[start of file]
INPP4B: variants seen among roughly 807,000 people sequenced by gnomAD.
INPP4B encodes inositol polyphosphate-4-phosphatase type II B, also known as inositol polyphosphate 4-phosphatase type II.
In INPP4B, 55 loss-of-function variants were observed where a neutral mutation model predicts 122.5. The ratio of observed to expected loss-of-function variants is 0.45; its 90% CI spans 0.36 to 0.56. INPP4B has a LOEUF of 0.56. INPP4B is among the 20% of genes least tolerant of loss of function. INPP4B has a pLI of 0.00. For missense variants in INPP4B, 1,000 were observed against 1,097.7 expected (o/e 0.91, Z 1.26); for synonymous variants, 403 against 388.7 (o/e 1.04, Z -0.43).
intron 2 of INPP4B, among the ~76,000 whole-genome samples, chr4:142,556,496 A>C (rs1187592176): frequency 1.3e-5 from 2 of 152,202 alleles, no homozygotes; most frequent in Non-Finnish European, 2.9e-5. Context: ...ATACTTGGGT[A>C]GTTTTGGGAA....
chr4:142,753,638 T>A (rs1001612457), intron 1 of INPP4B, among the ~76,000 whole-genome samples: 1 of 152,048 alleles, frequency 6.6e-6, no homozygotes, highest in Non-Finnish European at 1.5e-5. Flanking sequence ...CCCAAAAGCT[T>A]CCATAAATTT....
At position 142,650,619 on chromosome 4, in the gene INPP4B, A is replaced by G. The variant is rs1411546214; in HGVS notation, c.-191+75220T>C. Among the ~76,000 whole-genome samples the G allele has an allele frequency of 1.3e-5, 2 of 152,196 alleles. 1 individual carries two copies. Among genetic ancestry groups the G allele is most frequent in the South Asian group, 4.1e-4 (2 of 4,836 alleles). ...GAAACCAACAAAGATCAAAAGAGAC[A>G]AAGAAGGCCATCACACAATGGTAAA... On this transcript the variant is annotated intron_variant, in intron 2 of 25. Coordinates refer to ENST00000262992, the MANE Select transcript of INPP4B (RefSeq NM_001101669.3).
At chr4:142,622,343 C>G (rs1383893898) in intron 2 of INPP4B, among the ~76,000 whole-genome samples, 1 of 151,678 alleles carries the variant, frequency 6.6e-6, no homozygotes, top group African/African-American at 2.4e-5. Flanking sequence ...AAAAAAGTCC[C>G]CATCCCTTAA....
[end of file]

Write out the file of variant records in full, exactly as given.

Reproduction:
INPP4B: variants seen among roughly 807,000 people sequenced by gnomAD.
INPP4B encodes inositol polyphosphate-4-phosphatase type II B, also known as inositol polyphosphate 4-phosphatase type II.
In INPP4B, 55 loss-of-function variants were observed where a neutral mutation model predicts 122.5. The ratio of observed to expected loss-of-function variants is 0.45; its 90% CI spans 0.36 to 0.56. INPP4B has a LOEUF of 0.56. INPP4B is among the 20% of genes least tolerant of loss of function. INPP4B has a pLI of 0.00. For missense variants in INPP4B, 1,000 were observed against 1,097.7 expected (o/e 0.91, Z 1.26); for synonymous variants, 403 against 388.7 (o/e 1.04, Z -0.43).
intron 2 of INPP4B, among the ~76,000 whole-genome samples, chr4:142,556,496 A>C (rs1187592176): frequency 1.3e-5 from 2 of 152,202 alleles, no homozygotes; most frequent in Non-Finnish European, 2.9e-5. Context: ...ATACTTGGGT[A>C]GTTTTGGGAA....
chr4:142,753,638 T>A (rs1001612457), intron 1 of INPP4B, among the ~76,000 whole-genome samples: 1 of 152,048 alleles, frequency 6.6e-6, no homozygotes, highest in Non-Finnish European at 1.5e-5. Flanking sequence ...CCCAAAAGCT[T>A]CCATAAATTT....
At position 142,650,619 on chromosome 4, in the gene INPP4B, A is replaced by G. The variant is rs1411546214; in HGVS notation, c.-191+75220T>C. Among the ~76,000 whole-genome samples the G allele has an allele frequency of 1.3e-5, 2 of 152,196 alleles. 1 individual carries two copies. Among genetic ancestry groups the G allele is most frequent in the South Asian group, 4.1e-4 (2 of 4,836 alleles). ...GAAACCAACAAAGATCAAAAGAGAC[A>G]AAGAAGGCCATCACACAATGGTAAA... On this transcript the variant is annotated intron_variant, in intron 2 of 25. Coordinates refer to ENST00000262992, the MANE Select transcript of INPP4B (RefSeq NM_001101669.3).
At chr4:142,622,343 C>G (rs1383893898) in intron 2 of INPP4B, among the ~76,000 whole-genome samples, 1 of 151,678 alleles carries the variant, frequency 6.6e-6, no homozygotes, top group African/African-American at 2.4e-5. Flanking sequence ...AAAAAAGTCC[C>G]CATCCCTTAA....